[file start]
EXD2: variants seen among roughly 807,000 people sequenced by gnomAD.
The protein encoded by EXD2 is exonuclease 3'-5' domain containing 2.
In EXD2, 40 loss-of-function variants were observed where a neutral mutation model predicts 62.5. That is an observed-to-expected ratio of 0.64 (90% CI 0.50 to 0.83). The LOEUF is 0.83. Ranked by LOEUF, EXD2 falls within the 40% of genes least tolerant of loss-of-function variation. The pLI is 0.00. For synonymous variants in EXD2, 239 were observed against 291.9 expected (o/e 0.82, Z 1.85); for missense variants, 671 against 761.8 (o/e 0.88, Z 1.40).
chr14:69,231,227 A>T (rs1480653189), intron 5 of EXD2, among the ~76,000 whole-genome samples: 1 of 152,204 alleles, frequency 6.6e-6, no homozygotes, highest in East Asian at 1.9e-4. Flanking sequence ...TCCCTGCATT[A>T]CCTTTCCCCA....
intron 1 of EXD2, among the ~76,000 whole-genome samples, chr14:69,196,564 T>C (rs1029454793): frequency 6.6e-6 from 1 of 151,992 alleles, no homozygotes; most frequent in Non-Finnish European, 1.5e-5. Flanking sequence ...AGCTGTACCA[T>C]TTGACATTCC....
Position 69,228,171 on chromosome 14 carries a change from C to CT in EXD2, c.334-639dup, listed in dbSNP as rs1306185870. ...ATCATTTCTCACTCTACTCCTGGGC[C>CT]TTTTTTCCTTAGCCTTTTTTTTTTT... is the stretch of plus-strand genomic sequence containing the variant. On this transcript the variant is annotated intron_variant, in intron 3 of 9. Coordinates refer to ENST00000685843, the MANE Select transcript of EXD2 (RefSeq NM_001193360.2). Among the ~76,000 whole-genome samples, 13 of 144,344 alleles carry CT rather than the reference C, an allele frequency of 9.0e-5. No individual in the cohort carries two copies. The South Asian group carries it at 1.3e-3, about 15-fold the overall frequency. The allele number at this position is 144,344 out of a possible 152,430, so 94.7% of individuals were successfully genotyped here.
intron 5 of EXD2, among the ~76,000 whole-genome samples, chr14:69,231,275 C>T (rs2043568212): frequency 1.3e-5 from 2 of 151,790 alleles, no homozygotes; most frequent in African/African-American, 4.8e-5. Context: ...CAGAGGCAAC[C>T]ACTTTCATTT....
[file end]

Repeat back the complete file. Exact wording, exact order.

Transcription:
EXD2: variants seen among roughly 807,000 people sequenced by gnomAD.
The protein encoded by EXD2 is exonuclease 3'-5' domain containing 2.
In EXD2, 40 loss-of-function variants were observed where a neutral mutation model predicts 62.5. That is an observed-to-expected ratio of 0.64 (90% CI 0.50 to 0.83). The LOEUF is 0.83. Ranked by LOEUF, EXD2 falls within the 40% of genes least tolerant of loss-of-function variation. The pLI is 0.00. For synonymous variants in EXD2, 239 were observed against 291.9 expected (o/e 0.82, Z 1.85); for missense variants, 671 against 761.8 (o/e 0.88, Z 1.40).
chr14:69,231,227 A>T (rs1480653189), intron 5 of EXD2, among the ~76,000 whole-genome samples: 1 of 152,204 alleles, frequency 6.6e-6, no homozygotes, highest in East Asian at 1.9e-4. Flanking sequence ...TCCCTGCATT[A>T]CCTTTCCCCA....
intron 1 of EXD2, among the ~76,000 whole-genome samples, chr14:69,196,564 T>C (rs1029454793): frequency 6.6e-6 from 1 of 151,992 alleles, no homozygotes; most frequent in Non-Finnish European, 1.5e-5. Flanking sequence ...AGCTGTACCA[T>C]TTGACATTCC....
Position 69,228,171 on chromosome 14 carries a change from C to CT in EXD2, c.334-639dup, listed in dbSNP as rs1306185870. ...ATCATTTCTCACTCTACTCCTGGGC[C>CT]TTTTTTCCTTAGCCTTTTTTTTTTT... is the stretch of plus-strand genomic sequence containing the variant. On this transcript the variant is annotated intron_variant, in intron 3 of 9. Coordinates refer to ENST00000685843, the MANE Select transcript of EXD2 (RefSeq NM_001193360.2). Among the ~76,000 whole-genome samples, 13 of 144,344 alleles carry CT rather than the reference C, an allele frequency of 9.0e-5. No individual in the cohort carries two copies. The South Asian group carries it at 1.3e-3, about 15-fold the overall frequency. The allele number at this position is 144,344 out of a possible 152,430, so 94.7% of individuals were successfully genotyped here.
intron 5 of EXD2, among the ~76,000 whole-genome samples, chr14:69,231,275 C>T (rs2043568212): frequency 1.3e-5 from 2 of 151,790 alleles, no homozygotes; most frequent in African/African-American, 4.8e-5. Context: ...CAGAGGCAAC[C>T]ACTTTCATTT....